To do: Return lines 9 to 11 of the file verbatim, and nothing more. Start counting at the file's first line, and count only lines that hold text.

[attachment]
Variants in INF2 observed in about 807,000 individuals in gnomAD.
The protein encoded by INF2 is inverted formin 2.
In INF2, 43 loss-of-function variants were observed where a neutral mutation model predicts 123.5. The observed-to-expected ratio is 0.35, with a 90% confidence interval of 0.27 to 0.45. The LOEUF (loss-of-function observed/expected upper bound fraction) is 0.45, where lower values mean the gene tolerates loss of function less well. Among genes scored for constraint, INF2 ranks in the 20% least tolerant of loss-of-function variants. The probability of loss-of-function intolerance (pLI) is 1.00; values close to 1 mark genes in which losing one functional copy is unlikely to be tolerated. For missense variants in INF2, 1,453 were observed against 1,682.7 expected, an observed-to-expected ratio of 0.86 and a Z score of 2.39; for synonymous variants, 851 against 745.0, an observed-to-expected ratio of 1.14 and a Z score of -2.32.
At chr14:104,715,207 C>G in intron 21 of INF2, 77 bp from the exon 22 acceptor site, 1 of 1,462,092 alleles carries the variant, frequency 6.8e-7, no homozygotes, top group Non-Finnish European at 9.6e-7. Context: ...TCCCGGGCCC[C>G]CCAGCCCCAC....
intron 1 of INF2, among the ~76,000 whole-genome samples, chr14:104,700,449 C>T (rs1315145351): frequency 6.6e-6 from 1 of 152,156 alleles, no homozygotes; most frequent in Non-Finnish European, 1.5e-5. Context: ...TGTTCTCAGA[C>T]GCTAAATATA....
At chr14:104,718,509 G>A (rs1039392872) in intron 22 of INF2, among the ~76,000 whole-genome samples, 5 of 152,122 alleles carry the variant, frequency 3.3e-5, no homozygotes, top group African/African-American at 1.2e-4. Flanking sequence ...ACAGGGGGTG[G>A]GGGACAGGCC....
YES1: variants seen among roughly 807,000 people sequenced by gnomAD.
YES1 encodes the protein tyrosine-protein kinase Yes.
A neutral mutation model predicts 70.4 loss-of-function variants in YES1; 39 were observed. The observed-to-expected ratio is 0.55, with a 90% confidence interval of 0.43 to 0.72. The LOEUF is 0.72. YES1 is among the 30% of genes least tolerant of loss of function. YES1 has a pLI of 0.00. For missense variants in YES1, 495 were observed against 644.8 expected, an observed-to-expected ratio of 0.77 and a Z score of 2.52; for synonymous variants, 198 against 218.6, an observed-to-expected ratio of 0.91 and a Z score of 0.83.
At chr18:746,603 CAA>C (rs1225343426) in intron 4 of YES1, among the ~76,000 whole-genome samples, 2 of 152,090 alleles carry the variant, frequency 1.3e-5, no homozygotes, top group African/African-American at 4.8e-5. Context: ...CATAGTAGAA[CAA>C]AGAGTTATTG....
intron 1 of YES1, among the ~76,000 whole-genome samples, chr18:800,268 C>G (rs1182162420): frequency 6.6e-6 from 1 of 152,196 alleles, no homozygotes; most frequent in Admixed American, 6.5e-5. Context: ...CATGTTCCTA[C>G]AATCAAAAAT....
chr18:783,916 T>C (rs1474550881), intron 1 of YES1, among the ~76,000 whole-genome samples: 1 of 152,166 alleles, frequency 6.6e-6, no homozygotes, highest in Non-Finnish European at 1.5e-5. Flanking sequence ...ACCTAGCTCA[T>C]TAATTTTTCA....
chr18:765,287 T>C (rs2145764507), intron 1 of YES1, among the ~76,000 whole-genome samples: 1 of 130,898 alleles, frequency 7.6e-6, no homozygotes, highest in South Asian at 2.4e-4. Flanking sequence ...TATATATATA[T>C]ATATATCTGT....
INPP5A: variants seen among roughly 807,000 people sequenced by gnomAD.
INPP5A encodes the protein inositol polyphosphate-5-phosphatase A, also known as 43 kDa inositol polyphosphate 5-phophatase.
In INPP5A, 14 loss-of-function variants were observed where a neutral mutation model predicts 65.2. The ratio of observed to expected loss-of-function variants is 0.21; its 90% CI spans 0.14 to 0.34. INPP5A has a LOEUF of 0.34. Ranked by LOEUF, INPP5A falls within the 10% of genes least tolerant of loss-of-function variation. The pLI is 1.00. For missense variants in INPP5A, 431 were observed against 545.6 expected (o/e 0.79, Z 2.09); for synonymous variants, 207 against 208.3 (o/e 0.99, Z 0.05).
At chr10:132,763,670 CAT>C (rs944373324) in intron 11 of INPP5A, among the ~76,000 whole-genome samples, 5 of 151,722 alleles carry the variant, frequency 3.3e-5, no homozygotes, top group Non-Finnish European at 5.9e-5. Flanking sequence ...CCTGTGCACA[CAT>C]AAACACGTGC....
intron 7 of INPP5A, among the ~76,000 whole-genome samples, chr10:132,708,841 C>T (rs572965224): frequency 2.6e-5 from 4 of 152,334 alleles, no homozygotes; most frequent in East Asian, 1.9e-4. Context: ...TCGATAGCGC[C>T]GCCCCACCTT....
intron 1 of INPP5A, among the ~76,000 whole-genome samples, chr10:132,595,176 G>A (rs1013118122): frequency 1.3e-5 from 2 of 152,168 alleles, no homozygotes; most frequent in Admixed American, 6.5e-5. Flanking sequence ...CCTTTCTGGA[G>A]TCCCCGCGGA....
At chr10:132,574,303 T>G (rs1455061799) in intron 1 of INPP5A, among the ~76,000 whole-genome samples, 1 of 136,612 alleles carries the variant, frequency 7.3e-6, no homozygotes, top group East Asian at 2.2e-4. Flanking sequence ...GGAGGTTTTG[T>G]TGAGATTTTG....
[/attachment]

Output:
A neutral mutation model predicts 70.4 loss-of-function variants in YES1; 39 were observed. The observed-to-expected ratio is 0.55, with a 90% confidence interval of 0.43 to 0.72. The LOEUF is 0.72. YES1 is among the 30% of genes least tolerant of loss of function. YES1 has a pLI of 0.00. For missense variants in YES1, 495 were observed against 644.8 expected, an observed-to-expected ratio of 0.77 and a Z score of 2.52; for synonymous variants, 198 against 218.6, an observed-to-expected ratio of 0.91 and a Z score of 0.83.
At chr18:746,603 CAA>C (rs1225343426) in intron 4 of YES1, among the ~76,000 whole-genome samples, 2 of 152,090 alleles carry the variant, frequency 1.3e-5, no homozygotes, top group African/African-American at 4.8e-5. Context: ...CATAGTAGAA[CAA>C]AGAGTTATTG....
intron 1 of YES1, among the ~76,000 whole-genome samples, chr18:800,268 C>G (rs1182162420): frequency 6.6e-6 from 1 of 152,196 alleles, no homozygotes; most frequent in Admixed American, 6.5e-5. Context: ...CATGTTCCTA[C>G]AATCAAAAAT....